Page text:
Chris Woods (University of Bristol)
Could you tell us a little about yourself and how you became a Research Software Engineer?
I have been coding since preschool when my Dad bought me a Texas Instruments TI-99/4A. This had a simple BASIC, but no tape or disk storage, meaning that all of the code was lost when the computer was switched off. After that, I had an Amiga as a teenager, and had fun coding little games in my spare time. I grew up in a seaside town on the East Coast, and the industry there was just fishing and making frozen food, so it didn’t occur to me that I could do programming as a job. It was just for fun. It was only when I went to University (Southampton) that I saw that programming could be useful for science. I undertook a 3rd-year computational chemistry research project with Jon Essex at Southampton, and from there I was hooked and wanted to become a computational chemist. In Jon’s group in the late 1990’s I helped to build Beowulf compute clusters from scratch (assembling shelves, doing all the cabling, building the cluster installer disks, job schedulers etc.), as well as developing lots of software in first Fortran 77 and then C++ and Python. From there, I moved to Bristol, and wrote lots of grant applications and managed to work for about 10 years on a series of EPSRC and BBSRC funded software development projects (sincere thanks to both funders for the grants). These all culminated in a framework for molecular simulation, called Sire (http://siremol.org), around which a reasonable community has formed (about 20+ people have developed the code over the years).
The experience of working with this community made me realise that software engineering was about helping other people develop and play with code. It showed me the importance of leading by example, e.g. adding in tests, using clean designs and APIs, and writing clear documentation (although I readily admit that I am a really bad documenter).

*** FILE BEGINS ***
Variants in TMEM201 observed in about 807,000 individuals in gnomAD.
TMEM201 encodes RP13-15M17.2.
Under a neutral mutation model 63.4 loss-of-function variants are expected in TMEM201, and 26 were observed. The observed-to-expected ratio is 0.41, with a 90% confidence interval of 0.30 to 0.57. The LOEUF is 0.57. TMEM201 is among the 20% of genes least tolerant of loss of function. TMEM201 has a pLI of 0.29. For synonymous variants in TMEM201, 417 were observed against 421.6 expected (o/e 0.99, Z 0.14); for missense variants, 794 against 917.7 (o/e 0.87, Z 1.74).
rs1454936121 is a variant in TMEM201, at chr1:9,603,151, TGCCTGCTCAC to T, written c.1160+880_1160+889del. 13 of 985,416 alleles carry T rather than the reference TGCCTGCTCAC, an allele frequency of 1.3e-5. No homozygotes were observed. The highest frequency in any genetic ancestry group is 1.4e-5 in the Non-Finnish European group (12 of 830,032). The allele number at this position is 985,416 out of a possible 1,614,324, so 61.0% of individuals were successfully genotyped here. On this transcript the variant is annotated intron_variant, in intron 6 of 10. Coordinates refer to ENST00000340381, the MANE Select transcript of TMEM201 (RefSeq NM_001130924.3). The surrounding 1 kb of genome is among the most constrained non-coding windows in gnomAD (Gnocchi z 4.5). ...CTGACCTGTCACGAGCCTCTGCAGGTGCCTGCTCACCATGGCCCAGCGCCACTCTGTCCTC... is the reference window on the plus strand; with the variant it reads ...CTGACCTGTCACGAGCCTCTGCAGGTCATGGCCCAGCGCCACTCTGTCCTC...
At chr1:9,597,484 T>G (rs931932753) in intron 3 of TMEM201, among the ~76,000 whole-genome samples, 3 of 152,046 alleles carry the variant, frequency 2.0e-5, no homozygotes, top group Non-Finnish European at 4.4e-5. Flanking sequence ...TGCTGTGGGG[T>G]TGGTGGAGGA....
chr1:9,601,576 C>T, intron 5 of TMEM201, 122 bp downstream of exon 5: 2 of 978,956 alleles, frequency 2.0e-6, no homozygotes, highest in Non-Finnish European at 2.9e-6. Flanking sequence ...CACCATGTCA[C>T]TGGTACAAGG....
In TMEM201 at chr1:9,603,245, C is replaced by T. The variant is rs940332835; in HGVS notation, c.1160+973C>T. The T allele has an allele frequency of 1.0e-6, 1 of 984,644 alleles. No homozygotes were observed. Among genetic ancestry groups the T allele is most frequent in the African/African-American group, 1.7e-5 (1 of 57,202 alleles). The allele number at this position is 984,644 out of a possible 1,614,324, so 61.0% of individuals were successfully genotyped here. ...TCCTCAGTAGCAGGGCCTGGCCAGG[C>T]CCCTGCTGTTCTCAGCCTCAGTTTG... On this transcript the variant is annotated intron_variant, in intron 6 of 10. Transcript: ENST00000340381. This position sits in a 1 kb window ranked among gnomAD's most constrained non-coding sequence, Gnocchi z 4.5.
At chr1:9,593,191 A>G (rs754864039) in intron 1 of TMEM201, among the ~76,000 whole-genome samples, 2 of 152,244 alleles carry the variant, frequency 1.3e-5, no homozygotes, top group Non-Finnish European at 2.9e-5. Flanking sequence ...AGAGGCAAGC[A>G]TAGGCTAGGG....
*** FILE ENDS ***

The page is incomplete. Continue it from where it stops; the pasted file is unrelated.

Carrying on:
About 2 years ago I was offered a job in BrisSynBio (a BBSRC/EPSRC Synthetic Biology Research Centre), as a technical lead, systems administrator and RSE. I have really enjoyed this position, as it made me step back from my research and really work in “services” to support other researchers. This gave me a completely new perspective on research, as I saw the world from the view of e.g. administrators, finance, procurement and technical services. This showed me that successful research depends on a whole team of energised, committed and dedicated people, and that research software engineers can play an important role as part of the research development team.
What do you think is the role of a Research Software Engineer? Is it different from a ‘normal’ researcher?
For me, research software engineering is about helping junior researchers develop their code right the first time. Helping them to structure their code so that it is easier for them to write flexible, trustably correct and performance portable software without them having to be overburdened with learning a lot of computer science. Following this, good RSE work is helping researchers build flexible frameworks that allow researchers to play with their scientific ideas. The code should allow them to prototype and play with new ideas, to get them running quickly and efficiently first time without having to have people come and re-engineer everything later.
You’ve recently won an EPSRC RSE Fellowship – congratulations! Can you give a brief overview of your project?
My project is about providing a new member of a research team – the research software engineer. This will enable a new way of doing research. Research is team based, and I want to help change the culture so that RSEs are seen as a member of the research team and not a service. The EPSRC RSE project provides funding for me as an RSE to be embedded within research groups to work with them to develop new research. Twenty projects will initially be supported; 10 in the first wave that have been allocated, and then 10 that will be allocated in response to a call. The projects cover everything from modelling chemical reactions, designing new optical machines, creating great visualisations in an interactive 3D planetarium, modelling bacterial factories and engineering new scaffolds for future vaccines.